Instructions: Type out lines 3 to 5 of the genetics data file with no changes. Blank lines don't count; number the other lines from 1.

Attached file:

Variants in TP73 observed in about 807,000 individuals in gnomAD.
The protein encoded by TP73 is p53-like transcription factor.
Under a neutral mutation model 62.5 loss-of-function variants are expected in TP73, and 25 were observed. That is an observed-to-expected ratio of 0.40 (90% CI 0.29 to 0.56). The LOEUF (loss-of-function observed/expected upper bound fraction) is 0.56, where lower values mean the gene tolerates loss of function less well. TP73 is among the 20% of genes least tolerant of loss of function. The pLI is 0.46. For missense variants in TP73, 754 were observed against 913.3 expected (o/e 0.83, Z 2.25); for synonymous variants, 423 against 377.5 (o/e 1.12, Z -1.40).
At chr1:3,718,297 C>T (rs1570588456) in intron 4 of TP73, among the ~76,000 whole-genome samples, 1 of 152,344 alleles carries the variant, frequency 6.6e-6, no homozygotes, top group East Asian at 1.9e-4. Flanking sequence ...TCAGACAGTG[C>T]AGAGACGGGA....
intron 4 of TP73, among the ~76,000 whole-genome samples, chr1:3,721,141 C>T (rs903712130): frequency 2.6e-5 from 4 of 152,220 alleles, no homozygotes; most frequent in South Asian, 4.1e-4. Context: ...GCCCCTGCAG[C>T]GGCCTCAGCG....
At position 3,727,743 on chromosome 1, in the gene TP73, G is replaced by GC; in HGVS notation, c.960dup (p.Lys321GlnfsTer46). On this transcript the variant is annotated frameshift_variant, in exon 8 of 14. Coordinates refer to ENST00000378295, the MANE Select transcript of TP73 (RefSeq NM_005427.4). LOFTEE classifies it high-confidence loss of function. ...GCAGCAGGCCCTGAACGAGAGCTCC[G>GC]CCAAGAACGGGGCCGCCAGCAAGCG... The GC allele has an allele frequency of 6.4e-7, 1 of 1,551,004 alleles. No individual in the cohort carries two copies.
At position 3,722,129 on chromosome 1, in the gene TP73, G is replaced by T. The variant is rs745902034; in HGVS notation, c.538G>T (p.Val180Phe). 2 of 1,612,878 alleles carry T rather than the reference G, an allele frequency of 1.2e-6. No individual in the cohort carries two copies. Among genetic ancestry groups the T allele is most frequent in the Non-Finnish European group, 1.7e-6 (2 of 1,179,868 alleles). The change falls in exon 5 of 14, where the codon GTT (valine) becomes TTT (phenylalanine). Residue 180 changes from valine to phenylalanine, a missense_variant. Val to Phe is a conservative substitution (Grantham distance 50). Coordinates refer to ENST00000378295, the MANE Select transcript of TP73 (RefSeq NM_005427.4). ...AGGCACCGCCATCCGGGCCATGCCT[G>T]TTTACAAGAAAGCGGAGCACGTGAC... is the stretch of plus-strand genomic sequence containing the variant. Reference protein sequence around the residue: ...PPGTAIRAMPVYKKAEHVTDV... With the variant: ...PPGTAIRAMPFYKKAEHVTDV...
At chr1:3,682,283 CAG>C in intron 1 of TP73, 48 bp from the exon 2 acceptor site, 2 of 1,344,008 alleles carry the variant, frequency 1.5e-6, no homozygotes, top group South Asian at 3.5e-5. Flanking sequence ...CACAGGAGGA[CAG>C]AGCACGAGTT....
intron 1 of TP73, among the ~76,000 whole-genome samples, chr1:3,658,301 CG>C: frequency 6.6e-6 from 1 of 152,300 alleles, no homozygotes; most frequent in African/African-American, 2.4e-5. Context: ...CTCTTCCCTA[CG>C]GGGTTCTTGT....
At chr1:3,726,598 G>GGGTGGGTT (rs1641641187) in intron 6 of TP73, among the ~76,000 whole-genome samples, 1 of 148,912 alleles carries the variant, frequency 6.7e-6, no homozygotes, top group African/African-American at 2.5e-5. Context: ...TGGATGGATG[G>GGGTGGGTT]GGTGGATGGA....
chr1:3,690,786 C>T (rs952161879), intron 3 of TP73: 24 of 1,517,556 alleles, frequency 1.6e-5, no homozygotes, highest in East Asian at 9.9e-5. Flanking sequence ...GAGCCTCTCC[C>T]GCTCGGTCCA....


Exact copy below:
Under a neutral mutation model 62.5 loss-of-function variants are expected in TP73, and 25 were observed. That is an observed-to-expected ratio of 0.40 (90% CI 0.29 to 0.56). The LOEUF (loss-of-function observed/expected upper bound fraction) is 0.56, where lower values mean the gene tolerates loss of function less well. TP73 is among the 20% of genes least tolerant of loss of function. The pLI is 0.46. For missense variants in TP73, 754 were observed against 913.3 expected (o/e 0.83, Z 2.25); for synonymous variants, 423 against 377.5 (o/e 1.12, Z -1.40).
At chr1:3,718,297 C>T (rs1570588456) in intron 4 of TP73, among the ~76,000 whole-genome samples, 1 of 152,344 alleles carries the variant, frequency 6.6e-6, no homozygotes, top group East Asian at 1.9e-4. Flanking sequence ...TCAGACAGTG[C>T]AGAGACGGGA....
intron 4 of TP73, among the ~76,000 whole-genome samples, chr1:3,721,141 C>T (rs903712130): frequency 2.6e-5 from 4 of 152,220 alleles, no homozygotes; most frequent in South Asian, 4.1e-4. Context: ...GCCCCTGCAG[C>T]GGCCTCAGCG....